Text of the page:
12 May 2011

Trip to Sörmland

We had decided to spend Easter this year making a small trip of Södermanland, or Sörmland as it is popularly known. And where is Sörmland? The short answer is that Sörmland is immediately south of Stockholm. The long answer needs to point out that Sweden can be divided in two different ways: in the 25 traditional provinces (landskap in Swedish) that today only have historical and cultural significance, and in the 21 counties (län in Swedish) that make up the administrative division of Sweden. The old province Sörmland (Sudermania in Latin) consists of Sörmland county and the parts of Stockholm county that are south of lake Mälaren.

One of our primary destination was Stendörren ('The stone door') natural preserve where a couple of islets and skerries are connected by wooden bridges so that one can visit the archipelago by foot. Fortunately the Easter weather was perfect for such outdoor activities.

Our trip continued to the nearest town, Nyköping ('New market town'), which is the capital of Sörmland county and turned out to be one of the nicer Swedish countryside towns we've visited. By the local stream, Nyköpingsån, we found this monument for one of the city's proud sons.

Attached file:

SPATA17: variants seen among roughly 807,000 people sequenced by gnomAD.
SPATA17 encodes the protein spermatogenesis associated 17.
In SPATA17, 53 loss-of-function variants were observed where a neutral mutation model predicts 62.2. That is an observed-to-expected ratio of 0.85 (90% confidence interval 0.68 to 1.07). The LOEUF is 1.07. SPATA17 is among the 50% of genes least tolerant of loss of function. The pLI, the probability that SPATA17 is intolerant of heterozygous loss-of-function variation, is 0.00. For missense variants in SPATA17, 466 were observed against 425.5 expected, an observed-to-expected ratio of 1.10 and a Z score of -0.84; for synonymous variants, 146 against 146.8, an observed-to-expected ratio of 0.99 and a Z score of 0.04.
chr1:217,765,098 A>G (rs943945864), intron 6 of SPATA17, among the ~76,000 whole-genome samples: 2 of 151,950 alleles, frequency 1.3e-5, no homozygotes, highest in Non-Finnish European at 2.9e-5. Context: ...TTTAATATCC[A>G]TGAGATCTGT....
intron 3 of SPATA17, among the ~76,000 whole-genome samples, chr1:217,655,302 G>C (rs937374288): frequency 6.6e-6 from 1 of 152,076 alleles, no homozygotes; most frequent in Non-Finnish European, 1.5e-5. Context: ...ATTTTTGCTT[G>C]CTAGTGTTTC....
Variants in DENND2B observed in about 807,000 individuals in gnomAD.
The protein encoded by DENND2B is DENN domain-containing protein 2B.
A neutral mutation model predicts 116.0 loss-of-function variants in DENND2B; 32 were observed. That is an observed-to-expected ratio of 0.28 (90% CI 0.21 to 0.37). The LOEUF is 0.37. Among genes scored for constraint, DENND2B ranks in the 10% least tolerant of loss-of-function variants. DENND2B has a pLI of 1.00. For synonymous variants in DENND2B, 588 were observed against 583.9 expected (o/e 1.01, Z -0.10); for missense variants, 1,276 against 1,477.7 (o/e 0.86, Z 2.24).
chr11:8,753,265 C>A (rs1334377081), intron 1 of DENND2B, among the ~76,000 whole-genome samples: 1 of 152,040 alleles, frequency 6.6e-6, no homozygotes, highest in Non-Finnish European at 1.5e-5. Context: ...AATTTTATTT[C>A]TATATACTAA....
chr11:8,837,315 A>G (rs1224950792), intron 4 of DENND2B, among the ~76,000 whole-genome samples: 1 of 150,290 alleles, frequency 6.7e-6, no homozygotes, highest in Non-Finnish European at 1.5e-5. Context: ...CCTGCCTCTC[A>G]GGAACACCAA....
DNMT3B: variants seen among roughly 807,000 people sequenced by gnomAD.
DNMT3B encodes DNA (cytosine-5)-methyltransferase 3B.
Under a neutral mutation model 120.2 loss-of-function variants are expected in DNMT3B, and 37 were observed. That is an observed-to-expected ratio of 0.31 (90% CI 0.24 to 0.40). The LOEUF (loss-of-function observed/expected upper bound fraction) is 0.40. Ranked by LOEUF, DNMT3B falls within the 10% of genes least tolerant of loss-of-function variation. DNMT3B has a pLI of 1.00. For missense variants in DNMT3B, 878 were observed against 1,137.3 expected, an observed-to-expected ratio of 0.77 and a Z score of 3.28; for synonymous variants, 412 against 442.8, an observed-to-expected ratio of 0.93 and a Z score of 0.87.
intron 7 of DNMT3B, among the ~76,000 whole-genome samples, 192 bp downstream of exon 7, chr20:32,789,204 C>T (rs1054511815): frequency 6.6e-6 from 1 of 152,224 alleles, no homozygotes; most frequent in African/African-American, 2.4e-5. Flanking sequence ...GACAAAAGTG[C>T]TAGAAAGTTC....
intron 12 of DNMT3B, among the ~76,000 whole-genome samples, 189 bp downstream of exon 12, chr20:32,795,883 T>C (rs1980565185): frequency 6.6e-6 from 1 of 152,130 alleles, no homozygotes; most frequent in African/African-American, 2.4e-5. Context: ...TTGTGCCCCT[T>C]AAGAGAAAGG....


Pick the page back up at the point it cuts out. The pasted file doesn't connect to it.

We decided to try something new and booked one night at Yxtaholm castle just outside of Flen. Although certainly picturesque there on the Yxtaholm islet between lakes Yxtasjön and Långsjön, it was more what we'd call a manor house than a castle.

In Mariefred by the shore of lake Mälarens we found Gripsholm castle which fits our expectations for a castle much better.

We also noticed a few pieces of cultural heritage reminding us that the area was populated already in the 11th century (translation and a few notes grabbed from the plaques posted next to the stones).

They fared like men - far after gold
and in the east - gave the eagle food[1]
They died in the south - in Serkland[2]

[1] giving the eagle food is a poetic term for killing enemies.
[2] Serkland, land of the Saracens land, presumably refers to an area by the Caspian Sea.

Tola had this stone raised to commemorate her son Harald, brother of Ingvar. Ingvar is mentioned in the Icelandic sagas as Ingvar the travelled. Ingvar's fateful expedition through Russia to the Caspian Sea is said to mentioned on almost 30 runestones in the valley around lake Mälaren.

Hälgulv (?) and Öulv they had this stone raised
in memory of their brother Kätilmund and
(built) a bridge in memory of Soma, their mother.
But Brune (?), her brother, carved (the runes)

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